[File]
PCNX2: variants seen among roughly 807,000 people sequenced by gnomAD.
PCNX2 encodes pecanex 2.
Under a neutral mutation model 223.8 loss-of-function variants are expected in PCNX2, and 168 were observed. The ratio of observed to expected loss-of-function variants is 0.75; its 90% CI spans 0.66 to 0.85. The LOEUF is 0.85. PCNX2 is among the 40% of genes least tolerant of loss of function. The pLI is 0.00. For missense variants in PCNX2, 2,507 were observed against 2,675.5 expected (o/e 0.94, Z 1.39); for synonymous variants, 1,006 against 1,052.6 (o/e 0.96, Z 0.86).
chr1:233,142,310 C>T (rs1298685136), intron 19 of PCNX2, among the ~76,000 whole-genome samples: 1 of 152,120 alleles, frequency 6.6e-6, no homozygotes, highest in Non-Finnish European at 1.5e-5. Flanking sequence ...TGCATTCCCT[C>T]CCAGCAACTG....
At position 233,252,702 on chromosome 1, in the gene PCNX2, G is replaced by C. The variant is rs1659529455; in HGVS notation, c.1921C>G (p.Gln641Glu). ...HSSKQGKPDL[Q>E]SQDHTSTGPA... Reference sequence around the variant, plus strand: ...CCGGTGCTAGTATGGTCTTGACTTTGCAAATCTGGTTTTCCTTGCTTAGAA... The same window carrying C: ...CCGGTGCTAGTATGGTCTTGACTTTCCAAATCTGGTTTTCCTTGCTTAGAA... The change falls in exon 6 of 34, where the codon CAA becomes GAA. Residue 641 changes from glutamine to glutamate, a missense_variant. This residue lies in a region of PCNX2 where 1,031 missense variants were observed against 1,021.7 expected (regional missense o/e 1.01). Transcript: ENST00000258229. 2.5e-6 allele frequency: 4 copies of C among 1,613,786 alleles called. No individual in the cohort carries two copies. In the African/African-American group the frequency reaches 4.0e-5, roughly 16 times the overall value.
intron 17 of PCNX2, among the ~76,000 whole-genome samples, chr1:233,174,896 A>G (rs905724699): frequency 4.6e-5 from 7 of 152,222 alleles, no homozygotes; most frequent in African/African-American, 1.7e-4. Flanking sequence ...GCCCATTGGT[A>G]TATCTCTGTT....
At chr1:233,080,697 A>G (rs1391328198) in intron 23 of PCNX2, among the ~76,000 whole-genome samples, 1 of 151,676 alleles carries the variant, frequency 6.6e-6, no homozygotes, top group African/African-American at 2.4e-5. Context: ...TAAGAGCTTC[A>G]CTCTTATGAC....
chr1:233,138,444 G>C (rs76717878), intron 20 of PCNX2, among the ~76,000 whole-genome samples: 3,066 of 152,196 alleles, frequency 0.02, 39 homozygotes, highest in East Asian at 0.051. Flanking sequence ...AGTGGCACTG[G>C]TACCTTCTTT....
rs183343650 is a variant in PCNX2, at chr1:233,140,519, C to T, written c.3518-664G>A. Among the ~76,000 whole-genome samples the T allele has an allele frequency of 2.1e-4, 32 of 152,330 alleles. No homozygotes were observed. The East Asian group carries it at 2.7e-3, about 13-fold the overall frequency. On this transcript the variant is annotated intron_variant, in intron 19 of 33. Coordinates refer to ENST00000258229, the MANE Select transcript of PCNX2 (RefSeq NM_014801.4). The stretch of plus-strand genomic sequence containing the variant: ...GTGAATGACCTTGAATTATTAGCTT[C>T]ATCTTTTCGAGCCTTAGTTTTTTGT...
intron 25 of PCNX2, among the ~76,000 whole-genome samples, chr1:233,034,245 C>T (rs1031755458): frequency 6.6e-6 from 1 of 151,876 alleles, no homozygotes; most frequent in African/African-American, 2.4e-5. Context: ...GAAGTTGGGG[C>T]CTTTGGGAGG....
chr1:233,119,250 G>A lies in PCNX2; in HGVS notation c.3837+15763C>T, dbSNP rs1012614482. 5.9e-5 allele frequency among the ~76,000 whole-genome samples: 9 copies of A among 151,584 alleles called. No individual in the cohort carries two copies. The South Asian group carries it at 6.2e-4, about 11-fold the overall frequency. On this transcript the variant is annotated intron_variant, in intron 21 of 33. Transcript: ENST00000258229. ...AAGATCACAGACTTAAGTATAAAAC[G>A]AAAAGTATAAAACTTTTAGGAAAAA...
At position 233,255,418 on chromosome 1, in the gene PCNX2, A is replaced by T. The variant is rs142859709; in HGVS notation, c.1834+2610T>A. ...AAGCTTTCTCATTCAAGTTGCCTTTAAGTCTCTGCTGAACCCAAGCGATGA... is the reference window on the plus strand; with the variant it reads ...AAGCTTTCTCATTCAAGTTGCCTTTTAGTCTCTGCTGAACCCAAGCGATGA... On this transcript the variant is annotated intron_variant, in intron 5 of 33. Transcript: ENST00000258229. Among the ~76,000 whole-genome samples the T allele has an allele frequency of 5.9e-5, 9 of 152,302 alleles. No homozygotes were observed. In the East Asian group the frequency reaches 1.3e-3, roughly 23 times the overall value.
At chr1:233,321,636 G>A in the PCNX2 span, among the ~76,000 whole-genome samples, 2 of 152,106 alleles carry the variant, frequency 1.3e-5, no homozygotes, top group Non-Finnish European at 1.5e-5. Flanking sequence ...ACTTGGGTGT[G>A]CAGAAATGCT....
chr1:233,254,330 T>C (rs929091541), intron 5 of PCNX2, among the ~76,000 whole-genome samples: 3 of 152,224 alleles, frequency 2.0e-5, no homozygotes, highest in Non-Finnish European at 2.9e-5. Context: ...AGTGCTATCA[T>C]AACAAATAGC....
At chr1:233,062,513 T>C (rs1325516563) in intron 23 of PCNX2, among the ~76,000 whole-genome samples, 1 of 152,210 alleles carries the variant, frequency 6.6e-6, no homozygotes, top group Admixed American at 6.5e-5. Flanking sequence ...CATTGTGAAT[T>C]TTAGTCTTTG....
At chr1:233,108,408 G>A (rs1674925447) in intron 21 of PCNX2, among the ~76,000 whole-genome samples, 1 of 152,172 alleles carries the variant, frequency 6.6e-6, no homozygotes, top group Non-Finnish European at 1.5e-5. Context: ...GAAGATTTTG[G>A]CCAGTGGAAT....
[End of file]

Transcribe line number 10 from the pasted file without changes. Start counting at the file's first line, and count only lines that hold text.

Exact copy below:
intron 25 of PCNX2, among the ~76,000 whole-genome samples, chr1:233,034,245 C>T (rs1031755458): frequency 6.6e-6 from 1 of 151,876 alleles, no homozygotes; most frequent in African/African-American, 2.4e-5. Context: ...GAAGTTGGGG[C>T]CTTTGGGAGG....